Most of us can relate to the phrase "dress for success" in various aspects of our lives, from getting a job to hitting the gym. The clothing we wear influences our own behavior and the way we think and act, a concept known as "enclothed cognition." We undergo mental changes when we wear certain clothes, especially when it comes to our motivation to work out.

"The act of putting on workout gear for those new to exercise is the physical side of the mental shift to start living better," Clint Fuqua, a trainer at Clint Fuqua in Dallax, Texas, told Medical Daily.

Previous research has found this mental shift is due to the symbolic meaning we give a particular item of clothing. For example, in 2012, researchers found when volunteers were given a lab coat or nothing special to wear and then performed attention-related tasks, those wearing lab coats were significantly more successful than their counterparts. In an interview with The Atlantic, researcher Hajo Adam believes the study's results could also be applied to many more fields, including activewear and fitness.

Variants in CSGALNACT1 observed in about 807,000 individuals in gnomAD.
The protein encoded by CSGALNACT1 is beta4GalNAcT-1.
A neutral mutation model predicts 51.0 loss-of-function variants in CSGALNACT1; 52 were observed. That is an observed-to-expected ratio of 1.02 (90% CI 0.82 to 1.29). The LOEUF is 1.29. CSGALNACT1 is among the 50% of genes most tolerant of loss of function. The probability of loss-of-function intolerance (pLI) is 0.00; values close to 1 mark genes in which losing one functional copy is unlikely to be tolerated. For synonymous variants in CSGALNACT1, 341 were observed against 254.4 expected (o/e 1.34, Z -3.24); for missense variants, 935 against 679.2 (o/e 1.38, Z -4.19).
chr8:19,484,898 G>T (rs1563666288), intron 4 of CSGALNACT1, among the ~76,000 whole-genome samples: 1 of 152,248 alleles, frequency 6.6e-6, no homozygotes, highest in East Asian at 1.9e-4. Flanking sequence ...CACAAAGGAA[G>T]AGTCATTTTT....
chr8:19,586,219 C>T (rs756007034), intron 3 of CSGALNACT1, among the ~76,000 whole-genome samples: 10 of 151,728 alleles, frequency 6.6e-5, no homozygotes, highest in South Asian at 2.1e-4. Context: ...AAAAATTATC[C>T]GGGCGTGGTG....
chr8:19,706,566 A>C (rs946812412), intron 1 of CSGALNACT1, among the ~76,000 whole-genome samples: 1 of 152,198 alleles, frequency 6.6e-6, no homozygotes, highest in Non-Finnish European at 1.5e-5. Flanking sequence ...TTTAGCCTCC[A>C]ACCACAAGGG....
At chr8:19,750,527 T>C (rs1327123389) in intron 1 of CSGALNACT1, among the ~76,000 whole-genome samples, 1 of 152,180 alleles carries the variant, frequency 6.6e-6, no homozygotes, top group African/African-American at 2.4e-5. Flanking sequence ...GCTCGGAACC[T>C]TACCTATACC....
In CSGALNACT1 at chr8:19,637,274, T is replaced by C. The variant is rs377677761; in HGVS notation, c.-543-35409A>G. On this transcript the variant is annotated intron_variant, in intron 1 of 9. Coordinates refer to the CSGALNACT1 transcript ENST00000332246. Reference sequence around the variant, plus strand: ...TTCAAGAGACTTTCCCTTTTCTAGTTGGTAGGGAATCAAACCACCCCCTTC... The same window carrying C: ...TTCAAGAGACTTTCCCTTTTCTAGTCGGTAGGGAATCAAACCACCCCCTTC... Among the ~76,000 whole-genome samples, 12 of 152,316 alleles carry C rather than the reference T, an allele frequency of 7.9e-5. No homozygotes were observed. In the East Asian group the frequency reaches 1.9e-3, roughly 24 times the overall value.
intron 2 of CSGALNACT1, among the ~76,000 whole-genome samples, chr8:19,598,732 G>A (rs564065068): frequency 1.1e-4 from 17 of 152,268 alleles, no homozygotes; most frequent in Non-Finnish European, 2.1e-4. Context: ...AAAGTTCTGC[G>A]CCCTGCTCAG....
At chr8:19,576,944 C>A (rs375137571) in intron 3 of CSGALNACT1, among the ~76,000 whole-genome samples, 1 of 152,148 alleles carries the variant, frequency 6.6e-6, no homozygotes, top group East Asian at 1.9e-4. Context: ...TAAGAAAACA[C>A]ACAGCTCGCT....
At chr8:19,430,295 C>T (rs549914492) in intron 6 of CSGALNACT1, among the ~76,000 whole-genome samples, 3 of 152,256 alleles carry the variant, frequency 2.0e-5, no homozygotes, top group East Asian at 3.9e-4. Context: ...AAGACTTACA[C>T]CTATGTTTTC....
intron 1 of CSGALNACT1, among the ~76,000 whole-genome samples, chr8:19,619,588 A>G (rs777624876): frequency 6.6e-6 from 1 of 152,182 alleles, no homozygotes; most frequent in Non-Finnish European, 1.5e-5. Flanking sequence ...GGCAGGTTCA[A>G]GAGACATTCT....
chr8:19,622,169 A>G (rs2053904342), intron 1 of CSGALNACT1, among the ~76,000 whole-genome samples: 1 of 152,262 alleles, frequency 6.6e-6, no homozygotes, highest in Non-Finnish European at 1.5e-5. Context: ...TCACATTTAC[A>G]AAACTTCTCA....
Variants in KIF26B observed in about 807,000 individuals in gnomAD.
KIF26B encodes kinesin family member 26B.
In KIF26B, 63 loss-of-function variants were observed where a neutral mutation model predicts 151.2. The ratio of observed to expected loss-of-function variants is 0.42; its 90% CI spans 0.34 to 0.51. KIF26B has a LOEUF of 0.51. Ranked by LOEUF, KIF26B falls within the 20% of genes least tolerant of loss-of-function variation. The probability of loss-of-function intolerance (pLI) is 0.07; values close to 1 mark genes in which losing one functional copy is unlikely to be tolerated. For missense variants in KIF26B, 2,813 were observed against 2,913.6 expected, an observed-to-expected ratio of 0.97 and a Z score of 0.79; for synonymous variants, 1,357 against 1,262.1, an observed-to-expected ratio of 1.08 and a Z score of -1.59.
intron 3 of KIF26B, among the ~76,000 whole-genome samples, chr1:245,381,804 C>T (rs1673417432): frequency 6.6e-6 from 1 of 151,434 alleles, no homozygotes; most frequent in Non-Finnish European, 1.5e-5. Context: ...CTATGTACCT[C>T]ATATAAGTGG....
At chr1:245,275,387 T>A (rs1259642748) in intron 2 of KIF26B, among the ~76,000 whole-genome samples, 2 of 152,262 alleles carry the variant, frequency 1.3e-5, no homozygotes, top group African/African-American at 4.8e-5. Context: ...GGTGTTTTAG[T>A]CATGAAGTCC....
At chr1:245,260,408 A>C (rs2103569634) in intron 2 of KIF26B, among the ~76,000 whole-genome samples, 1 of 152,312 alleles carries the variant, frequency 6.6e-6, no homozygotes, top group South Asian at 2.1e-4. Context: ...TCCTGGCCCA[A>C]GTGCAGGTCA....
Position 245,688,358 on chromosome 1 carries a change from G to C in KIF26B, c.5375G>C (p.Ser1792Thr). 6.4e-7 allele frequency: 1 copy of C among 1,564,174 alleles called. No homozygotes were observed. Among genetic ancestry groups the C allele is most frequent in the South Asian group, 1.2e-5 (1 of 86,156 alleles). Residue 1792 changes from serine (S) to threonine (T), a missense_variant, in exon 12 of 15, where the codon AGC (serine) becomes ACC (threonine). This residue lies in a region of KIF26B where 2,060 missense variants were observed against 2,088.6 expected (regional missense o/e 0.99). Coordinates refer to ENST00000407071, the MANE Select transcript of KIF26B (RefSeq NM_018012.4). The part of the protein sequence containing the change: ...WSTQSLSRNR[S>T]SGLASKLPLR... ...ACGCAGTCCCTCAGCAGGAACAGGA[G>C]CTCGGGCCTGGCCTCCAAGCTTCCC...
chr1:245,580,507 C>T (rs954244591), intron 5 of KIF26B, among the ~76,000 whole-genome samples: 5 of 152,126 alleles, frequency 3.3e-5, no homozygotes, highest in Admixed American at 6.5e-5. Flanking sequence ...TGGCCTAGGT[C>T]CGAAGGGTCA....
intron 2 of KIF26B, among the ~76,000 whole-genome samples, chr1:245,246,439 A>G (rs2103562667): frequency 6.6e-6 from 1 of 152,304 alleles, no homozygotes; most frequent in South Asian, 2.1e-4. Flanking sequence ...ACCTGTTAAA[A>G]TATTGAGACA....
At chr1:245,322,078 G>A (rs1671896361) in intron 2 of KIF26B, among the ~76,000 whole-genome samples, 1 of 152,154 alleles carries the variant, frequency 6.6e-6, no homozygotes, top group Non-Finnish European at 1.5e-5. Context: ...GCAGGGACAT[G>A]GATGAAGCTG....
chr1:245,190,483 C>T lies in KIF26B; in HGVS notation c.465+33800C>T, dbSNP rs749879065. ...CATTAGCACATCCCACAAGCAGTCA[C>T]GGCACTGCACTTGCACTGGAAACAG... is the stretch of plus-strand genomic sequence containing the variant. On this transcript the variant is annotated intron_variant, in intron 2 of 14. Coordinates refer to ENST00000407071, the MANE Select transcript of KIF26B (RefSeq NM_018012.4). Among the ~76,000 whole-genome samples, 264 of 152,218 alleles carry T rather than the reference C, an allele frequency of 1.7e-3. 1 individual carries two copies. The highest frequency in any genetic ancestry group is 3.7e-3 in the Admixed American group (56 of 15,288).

“I think it would make sense that when you wear athletic clothing, you become more active and more likely to go to the gym and work out," said Adam.

Fuqua believes color hue could also influence our workout. There are several reasons why colors are able to influence the way we feel. The color red is known to increase our heart rate, because it's such a stimulating hue. Meanwhile, the color blue lowers blood pressure, because it conveys tranquility.

Bright and vibrant colors can be more energizing, but the more serious the workout the darker the colors go.

"You will notice more bright colors in a group fitness and aerobics setting and more dark colors in a powerlifting setting with a blend when it comes to hybrid programs like Crossfit," said Fuqua.

Wearing flattering and fun clothes can increase our confidence, and in turn, our overall performance, helping us get the most out of our workout. Simply put, a trendy athletic wardrobe can work as a motivator to get us to the gym, even when we're not feeling our best.

"Looking the part is at times the most important piece of living the fit life," according to Fuqua.